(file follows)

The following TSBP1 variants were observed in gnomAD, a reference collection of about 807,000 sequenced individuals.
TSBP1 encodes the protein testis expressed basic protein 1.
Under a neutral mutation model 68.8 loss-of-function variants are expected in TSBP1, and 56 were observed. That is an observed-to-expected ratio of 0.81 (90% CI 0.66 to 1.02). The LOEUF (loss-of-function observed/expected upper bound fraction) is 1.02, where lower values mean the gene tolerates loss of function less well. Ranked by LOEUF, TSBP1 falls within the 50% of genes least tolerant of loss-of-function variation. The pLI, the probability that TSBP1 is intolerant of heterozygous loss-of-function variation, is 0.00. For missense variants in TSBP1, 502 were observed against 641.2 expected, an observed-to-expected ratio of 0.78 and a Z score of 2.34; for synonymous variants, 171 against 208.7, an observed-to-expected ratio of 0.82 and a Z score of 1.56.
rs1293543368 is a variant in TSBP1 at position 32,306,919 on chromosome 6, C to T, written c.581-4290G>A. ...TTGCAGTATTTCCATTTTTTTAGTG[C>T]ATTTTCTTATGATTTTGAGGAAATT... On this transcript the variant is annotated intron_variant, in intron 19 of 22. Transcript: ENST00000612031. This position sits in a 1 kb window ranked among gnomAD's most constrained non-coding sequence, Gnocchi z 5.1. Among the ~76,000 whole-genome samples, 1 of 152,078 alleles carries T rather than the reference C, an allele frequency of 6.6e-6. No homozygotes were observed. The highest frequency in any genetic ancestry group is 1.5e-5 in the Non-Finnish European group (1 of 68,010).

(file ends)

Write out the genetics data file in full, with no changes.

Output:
The following TSBP1 variants were observed in gnomAD, a reference collection of about 807,000 sequenced individuals.
TSBP1 encodes the protein testis expressed basic protein 1.
Under a neutral mutation model 68.8 loss-of-function variants are expected in TSBP1, and 56 were observed. That is an observed-to-expected ratio of 0.81 (90% CI 0.66 to 1.02). The LOEUF (loss-of-function observed/expected upper bound fraction) is 1.02, where lower values mean the gene tolerates loss of function less well. Ranked by LOEUF, TSBP1 falls within the 50% of genes least tolerant of loss-of-function variation. The pLI, the probability that TSBP1 is intolerant of heterozygous loss-of-function variation, is 0.00. For missense variants in TSBP1, 502 were observed against 641.2 expected, an observed-to-expected ratio of 0.78 and a Z score of 2.34; for synonymous variants, 171 against 208.7, an observed-to-expected ratio of 0.82 and a Z score of 1.56.
rs1293543368 is a variant in TSBP1 at position 32,306,919 on chromosome 6, C to T, written c.581-4290G>A. ...TTGCAGTATTTCCATTTTTTTAGTG[C>T]ATTTTCTTATGATTTTGAGGAAATT... On this transcript the variant is annotated intron_variant, in intron 19 of 22. Transcript: ENST00000612031. This position sits in a 1 kb window ranked among gnomAD's most constrained non-coding sequence, Gnocchi z 5.1. Among the ~76,000 whole-genome samples, 1 of 152,078 alleles carries T rather than the reference C, an allele frequency of 6.6e-6. No homozygotes were observed. The highest frequency in any genetic ancestry group is 1.5e-5 in the Non-Finnish European group (1 of 68,010).